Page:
Canadian artists, home for the holidays

Alice Through the Looking-Glass

Alice Through the Looking-Glass

David Myles

David Myles

Matt Dusk

Matt Dusk

Canada’s National Arts Centre is home to our country’s greatest artists. But at this time of year, the NAC is “home for the holidays” to them too.

Featuring English Theatre’s resident Ensemble of actors from across Canada, Alice Through The Looking Glass in association with the Stratford Festival is directed by Jillian Keiley, Artistic Director of English Theatre, and a proud Newfoundlander. The text is by James Reaney, one of Canada’s most poetic playwrights whose Donnelly trilogy about a Canadian family in Southwestern Ontario was hugely influential in Canadian theatre.

Canada’s National Arts Centre Orchestra will this season showcase dozens of Canadian artists on our national stage. All the soloists in Handel’s masterpiece oratorio Messiah are Canadian, including Maghan McPhee (soprano) who is originally from Timmins, Anita Krause (mezzo-soprano) and  Adam Fisher (tenor) of Vancouver, and Steven Hegedus (bass) of Toronto.

NAC PRESENTS

The NAC showcases Canadian icons and the icons of tomorrow from across Canada. On December 19, 34-year-old Toronto crooner Matt Dusk sings Christmas with the NAC Orchestra. A former boy chorister, Dusk studied under Montreal jazz piano legend Oscar Peterson at York University.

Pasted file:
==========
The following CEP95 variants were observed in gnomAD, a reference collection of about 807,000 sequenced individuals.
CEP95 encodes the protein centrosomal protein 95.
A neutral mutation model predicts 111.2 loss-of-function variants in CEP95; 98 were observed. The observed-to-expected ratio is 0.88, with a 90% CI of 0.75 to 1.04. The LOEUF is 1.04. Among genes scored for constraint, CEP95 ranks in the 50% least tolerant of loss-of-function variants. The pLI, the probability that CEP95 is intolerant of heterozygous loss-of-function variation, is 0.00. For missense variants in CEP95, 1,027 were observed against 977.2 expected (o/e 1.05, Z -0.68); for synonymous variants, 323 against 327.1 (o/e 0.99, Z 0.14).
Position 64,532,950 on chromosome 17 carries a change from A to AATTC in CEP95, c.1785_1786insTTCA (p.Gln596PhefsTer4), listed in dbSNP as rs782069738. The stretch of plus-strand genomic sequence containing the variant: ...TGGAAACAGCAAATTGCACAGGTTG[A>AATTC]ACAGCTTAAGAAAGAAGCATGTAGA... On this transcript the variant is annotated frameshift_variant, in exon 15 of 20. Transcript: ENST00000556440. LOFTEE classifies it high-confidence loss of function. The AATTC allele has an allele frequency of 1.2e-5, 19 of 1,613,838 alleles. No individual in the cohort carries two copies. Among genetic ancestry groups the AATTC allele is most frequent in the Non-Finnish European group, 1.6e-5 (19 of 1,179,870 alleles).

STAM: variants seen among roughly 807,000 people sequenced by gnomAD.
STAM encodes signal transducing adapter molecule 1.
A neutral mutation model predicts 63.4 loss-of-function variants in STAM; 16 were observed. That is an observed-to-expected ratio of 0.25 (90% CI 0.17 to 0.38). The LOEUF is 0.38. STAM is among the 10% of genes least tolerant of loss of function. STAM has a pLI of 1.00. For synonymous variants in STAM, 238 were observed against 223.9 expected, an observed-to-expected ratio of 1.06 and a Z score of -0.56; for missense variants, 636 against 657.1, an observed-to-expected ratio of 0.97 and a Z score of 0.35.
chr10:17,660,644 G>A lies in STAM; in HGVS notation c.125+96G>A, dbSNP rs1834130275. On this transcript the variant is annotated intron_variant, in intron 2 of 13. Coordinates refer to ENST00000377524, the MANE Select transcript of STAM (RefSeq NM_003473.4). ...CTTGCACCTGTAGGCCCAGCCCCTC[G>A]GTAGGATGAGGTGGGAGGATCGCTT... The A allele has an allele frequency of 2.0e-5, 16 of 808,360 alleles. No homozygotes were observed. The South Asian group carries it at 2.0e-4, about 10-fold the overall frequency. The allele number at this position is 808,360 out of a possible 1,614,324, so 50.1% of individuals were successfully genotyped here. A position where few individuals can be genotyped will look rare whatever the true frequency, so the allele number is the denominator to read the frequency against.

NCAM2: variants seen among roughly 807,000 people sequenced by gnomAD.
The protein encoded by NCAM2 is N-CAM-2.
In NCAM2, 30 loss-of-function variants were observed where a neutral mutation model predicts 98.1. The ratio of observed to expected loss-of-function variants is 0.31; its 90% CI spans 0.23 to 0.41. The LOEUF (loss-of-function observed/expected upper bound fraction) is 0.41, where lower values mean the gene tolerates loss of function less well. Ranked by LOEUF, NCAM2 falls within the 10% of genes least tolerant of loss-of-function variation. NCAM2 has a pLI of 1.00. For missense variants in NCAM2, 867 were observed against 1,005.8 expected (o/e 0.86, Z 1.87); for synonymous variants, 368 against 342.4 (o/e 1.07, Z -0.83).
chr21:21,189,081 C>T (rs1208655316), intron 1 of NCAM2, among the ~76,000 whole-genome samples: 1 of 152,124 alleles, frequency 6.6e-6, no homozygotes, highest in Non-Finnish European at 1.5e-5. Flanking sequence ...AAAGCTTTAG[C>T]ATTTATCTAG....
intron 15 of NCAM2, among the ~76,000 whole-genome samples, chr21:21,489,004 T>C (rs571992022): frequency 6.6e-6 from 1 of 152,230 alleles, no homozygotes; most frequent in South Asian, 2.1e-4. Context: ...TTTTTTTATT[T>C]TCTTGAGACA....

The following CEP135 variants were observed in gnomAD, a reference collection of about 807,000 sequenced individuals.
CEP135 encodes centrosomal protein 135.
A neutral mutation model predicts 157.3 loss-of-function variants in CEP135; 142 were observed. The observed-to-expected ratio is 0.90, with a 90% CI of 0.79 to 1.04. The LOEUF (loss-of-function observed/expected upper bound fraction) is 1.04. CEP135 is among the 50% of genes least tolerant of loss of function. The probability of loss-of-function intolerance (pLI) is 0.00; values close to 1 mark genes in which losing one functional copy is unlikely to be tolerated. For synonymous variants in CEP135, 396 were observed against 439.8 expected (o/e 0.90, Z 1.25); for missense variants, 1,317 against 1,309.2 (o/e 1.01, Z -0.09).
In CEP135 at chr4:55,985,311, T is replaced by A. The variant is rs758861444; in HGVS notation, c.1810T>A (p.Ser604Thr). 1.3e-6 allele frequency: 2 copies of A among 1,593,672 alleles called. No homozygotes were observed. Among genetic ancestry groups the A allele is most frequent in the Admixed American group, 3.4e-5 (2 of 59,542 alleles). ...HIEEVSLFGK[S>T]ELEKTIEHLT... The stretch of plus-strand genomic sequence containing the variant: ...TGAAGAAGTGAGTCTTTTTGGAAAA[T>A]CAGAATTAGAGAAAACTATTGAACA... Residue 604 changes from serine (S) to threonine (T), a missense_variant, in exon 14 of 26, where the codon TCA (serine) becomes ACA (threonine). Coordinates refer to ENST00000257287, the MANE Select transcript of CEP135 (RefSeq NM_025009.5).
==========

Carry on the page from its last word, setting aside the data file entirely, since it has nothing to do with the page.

NAC Presents also delights in presenting artists on different NAC stages as their careers blossom – something Halifax singer-songwriter David Myles, who will perform songs from his new album called It’s Christmas on December 18-19, appreciates. “The NAC is always one of my favourite places to play,” he said. “It has totally helped me develop an audience in Ottawa. I'm really grateful.”

With the support of presenting sponsor Sun Life Financial and community partners, the National Arts Centre’s Share the Spirit program brings the magic of live performance for free to deserving children and families in the Ottawa area during the holiday season and throughout the year.

Carl Martin

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